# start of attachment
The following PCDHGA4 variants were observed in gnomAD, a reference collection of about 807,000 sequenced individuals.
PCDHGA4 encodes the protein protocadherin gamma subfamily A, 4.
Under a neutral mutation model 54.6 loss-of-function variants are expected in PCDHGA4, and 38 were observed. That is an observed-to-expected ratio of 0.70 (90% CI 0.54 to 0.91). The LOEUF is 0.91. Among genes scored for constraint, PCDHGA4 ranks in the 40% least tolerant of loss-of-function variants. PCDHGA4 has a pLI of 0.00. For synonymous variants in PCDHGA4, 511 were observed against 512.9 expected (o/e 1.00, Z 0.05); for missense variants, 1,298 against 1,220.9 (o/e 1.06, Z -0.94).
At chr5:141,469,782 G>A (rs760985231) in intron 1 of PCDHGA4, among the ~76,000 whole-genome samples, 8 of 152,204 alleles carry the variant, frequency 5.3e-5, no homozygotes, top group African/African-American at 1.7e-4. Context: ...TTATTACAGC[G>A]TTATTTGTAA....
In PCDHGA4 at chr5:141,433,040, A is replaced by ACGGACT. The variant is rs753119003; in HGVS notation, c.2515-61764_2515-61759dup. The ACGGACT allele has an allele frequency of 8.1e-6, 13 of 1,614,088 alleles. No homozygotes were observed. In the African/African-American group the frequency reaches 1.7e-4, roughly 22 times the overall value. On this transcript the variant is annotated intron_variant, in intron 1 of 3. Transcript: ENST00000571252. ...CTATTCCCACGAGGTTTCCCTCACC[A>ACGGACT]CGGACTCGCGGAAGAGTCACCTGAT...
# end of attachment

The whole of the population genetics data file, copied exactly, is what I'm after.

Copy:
The following PCDHGA4 variants were observed in gnomAD, a reference collection of about 807,000 sequenced individuals.
PCDHGA4 encodes the protein protocadherin gamma subfamily A, 4.
Under a neutral mutation model 54.6 loss-of-function variants are expected in PCDHGA4, and 38 were observed. That is an observed-to-expected ratio of 0.70 (90% CI 0.54 to 0.91). The LOEUF is 0.91. Among genes scored for constraint, PCDHGA4 ranks in the 40% least tolerant of loss-of-function variants. PCDHGA4 has a pLI of 0.00. For synonymous variants in PCDHGA4, 511 were observed against 512.9 expected (o/e 1.00, Z 0.05); for missense variants, 1,298 against 1,220.9 (o/e 1.06, Z -0.94).
At chr5:141,469,782 G>A (rs760985231) in intron 1 of PCDHGA4, among the ~76,000 whole-genome samples, 8 of 152,204 alleles carry the variant, frequency 5.3e-5, no homozygotes, top group African/African-American at 1.7e-4. Context: ...TTATTACAGC[G>A]TTATTTGTAA....
In PCDHGA4 at chr5:141,433,040, A is replaced by ACGGACT. The variant is rs753119003; in HGVS notation, c.2515-61764_2515-61759dup. The ACGGACT allele has an allele frequency of 8.1e-6, 13 of 1,614,088 alleles. No homozygotes were observed. In the African/African-American group the frequency reaches 1.7e-4, roughly 22 times the overall value. On this transcript the variant is annotated intron_variant, in intron 1 of 3. Transcript: ENST00000571252. ...CTATTCCCACGAGGTTTCCCTCACC[A>ACGGACT]CGGACTCGCGGAAGAGTCACCTGAT...